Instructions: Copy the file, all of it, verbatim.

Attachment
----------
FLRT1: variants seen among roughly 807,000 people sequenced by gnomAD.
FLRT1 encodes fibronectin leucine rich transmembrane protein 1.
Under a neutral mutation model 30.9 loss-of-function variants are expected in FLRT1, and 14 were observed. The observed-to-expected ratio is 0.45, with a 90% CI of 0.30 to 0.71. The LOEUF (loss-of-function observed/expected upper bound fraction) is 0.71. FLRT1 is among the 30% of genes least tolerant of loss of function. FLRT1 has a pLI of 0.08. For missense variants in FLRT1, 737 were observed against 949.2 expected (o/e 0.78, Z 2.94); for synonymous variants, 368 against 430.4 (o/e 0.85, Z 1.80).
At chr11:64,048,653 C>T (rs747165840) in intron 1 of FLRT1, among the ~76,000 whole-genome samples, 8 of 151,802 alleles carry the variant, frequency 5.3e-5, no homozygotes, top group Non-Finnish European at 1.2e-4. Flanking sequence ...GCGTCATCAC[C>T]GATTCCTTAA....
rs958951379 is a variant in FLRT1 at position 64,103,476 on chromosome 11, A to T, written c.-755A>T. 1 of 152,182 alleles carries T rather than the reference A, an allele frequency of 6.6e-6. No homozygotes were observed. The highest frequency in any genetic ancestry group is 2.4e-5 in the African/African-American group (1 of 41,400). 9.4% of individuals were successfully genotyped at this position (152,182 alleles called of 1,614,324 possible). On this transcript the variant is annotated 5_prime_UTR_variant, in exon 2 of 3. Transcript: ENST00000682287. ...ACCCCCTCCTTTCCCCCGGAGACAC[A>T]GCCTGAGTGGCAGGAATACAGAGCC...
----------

FLRT1: variants seen among roughly 807,000 people sequenced by gnomAD.
FLRT1 encodes fibronectin leucine rich transmembrane protein 1.
Under a neutral mutation model 30.9 loss-of-function variants are expected in FLRT1, and 14 were observed. The observed-to-expected ratio is 0.45, with a 90% CI of 0.30 to 0.71. The LOEUF (loss-of-function observed/expected upper bound fraction) is 0.71. FLRT1 is among the 30% of genes least tolerant of loss of function. FLRT1 has a pLI of 0.08. For missense variants in FLRT1, 737 were observed against 949.2 expected (o/e 0.78, Z 2.94); for synonymous variants, 368 against 430.4 (o/e 0.85, Z 1.80).
At chr11:64,048,653 C>T (rs747165840) in intron 1 of FLRT1, among the ~76,000 whole-genome samples, 8 of 151,802 alleles carry the variant, frequency 5.3e-5, no homozygotes, top group Non-Finnish European at 1.2e-4. Flanking sequence ...GCGTCATCAC[C>T]GATTCCTTAA....
rs958951379 is a variant in FLRT1 at position 64,103,476 on chromosome 11, A to T, written c.-755A>T. 1 of 152,182 alleles carries T rather than the reference A, an allele frequency of 6.6e-6. No homozygotes were observed. The highest frequency in any genetic ancestry group is 2.4e-5 in the African/African-American group (1 of 41,400). 9.4% of individuals were successfully genotyped at this position (152,182 alleles called of 1,614,324 possible). On this transcript the variant is annotated 5_prime_UTR_variant, in exon 2 of 3. Transcript: ENST00000682287. ...ACCCCCTCCTTTCCCCCGGAGACAC[A>T]GCCTGAGTGGCAGGAATACAGAGCC...